Porridge, porridge, porridge image via Shutterstock.
Economic data this week continued the Three Bears pattern, adding to the national state of annoyance.
Porridge, porridge, porridge. Couldn’t we have some that’s too hot or too cold, just to break the tedium and take our minds off the replay of 2011 Budget Chicken?
Long-term rates continued to fall this week, but gently, mortgages near or a little below 4.5 percent. The all-important 10-year T-note has made it almost to 2.6 percent from the 2.98 percent high three weeks ago — all because the Fed un-tapered, and about the best we’re going to do unless the economy weakens.
Second-quarter GDP did not revise; the final of 2.5 percent growth far short of the Fed’s hopes.
Claims for unemployment insurance have fallen to a cyclical low near 300,000 weekly, which in a normal labor market would presage higher wages via competition among employers, but this job market is anything but normal, weighed by overseas competition as never before.
Porridge, porridge, porridge.
Japan is quiet, and emerging nations are adjusting fairly well to higher interest rates and weaker currencies. The wrestling under the China blanket is increasing.
Bo Xilai got life in the big house for corruption while everyone else’s could not be mentioned at his kangaroo trial. Outsiders now doubt most official reports of China’s economic health.
Europe has waited a year for Angela Merkel’s re-election, thinking change would follow. Forget that. She was re-elected in trust that she will not allow change.
A bright spot, a very bright one: New York Fed President Bill Dudley’s speech on Monday.
After the Fed’s surprise last week, the Wall Street chorus performed its Ode to Whining, accompanied by mis-tuned violins each missing a string, in the style of massed cats whose tails have been stepped on. The Street considers it unfair for the Fed to adjust to new conditions, and of course if the Fed had not adjusted would have howled even louder.
Dudley laid out the Fed’s reasoning just as Fed Chairman Ben Bernanke did last week: “Another new source of drag for the economy is the sharp rise in long-term interest rates.”
Duh. Get it? The Fed did. The reasons to taper were to expose any leverage bubble created by QE, and gradually to wean the economy back to living on its own resources, all the while keeping long-term rates low by promising not to raise the overnight cost of money for another two or three or more years.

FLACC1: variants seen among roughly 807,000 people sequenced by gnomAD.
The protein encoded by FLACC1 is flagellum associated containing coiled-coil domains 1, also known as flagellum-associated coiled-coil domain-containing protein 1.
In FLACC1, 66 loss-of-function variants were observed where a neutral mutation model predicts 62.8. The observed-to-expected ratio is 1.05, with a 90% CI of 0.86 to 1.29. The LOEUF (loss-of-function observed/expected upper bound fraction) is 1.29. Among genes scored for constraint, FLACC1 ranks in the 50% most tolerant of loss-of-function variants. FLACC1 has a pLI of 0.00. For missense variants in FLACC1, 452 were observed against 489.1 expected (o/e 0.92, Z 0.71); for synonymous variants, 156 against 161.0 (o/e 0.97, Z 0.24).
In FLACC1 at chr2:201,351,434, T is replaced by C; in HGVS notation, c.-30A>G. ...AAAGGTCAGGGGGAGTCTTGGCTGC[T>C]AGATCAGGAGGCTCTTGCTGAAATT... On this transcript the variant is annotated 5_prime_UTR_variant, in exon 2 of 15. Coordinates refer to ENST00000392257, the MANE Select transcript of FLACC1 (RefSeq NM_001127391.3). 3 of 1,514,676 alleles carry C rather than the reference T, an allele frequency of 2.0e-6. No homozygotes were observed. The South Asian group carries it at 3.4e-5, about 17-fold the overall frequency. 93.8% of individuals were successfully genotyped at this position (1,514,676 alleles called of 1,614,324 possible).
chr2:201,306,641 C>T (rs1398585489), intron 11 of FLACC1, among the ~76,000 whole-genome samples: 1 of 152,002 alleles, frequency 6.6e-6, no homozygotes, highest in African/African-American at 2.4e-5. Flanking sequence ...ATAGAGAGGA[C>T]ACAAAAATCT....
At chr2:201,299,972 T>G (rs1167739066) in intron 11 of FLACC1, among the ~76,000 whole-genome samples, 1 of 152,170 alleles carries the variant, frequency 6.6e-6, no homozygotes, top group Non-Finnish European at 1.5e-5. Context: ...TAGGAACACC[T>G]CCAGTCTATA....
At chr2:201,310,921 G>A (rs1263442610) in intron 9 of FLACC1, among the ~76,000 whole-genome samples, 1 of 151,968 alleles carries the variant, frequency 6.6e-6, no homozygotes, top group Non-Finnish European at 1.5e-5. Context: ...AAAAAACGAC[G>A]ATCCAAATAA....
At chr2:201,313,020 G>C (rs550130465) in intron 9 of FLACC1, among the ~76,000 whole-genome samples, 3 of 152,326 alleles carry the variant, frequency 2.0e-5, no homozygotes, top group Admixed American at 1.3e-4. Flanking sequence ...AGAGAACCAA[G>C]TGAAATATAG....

The promise — “forward guidance” — did not work.
The Fed is neither blind nor stupid. The 1.5 percent explosion in long-term rates has had vastly more slowing effect on the U.S. and global economy than the taper itself, even if complete.
The exit from QE is going to be herky-jerky, and markets will overreact again and again because this situation is unprecedented. Suspending the taper makes a hell of a lot more sense than mechanically proceeding, adding to unexpected damage.
Dudley made three other points:
- 900,000 new housing starts are nice, but he’d like to see 1.5 million;
- to taper he would like to see more “forward momentum,” not present in current numbers;
- he is concerned about “fiscal drag,” this year the largest combined tax increases and budget cuts in modern record.
Which leads to the Chicken Wreck.
The president is annoyed because everyone else will not do as they are told. The Left wants a “clean bill,” raising the debt limit without any spending conditions, now or ever.
Bloomberg reports that 61 percent of citizens are opposed to a clean bill and only 28 percent support one. Republicans are annoyed at each other. The Republican Right would be ridiculous if not so dangerous.
The president’s approval rating is descending through the 40s. The 2011 wreck involved a lot of righteous anger; now everyone is weaker, and annoyed.
Might be a brief opening for common sense. I can dream.
Lou Barnes is a mortgage broker based in Boulder, Colo. He can be reached at firstname.lastname@example.org.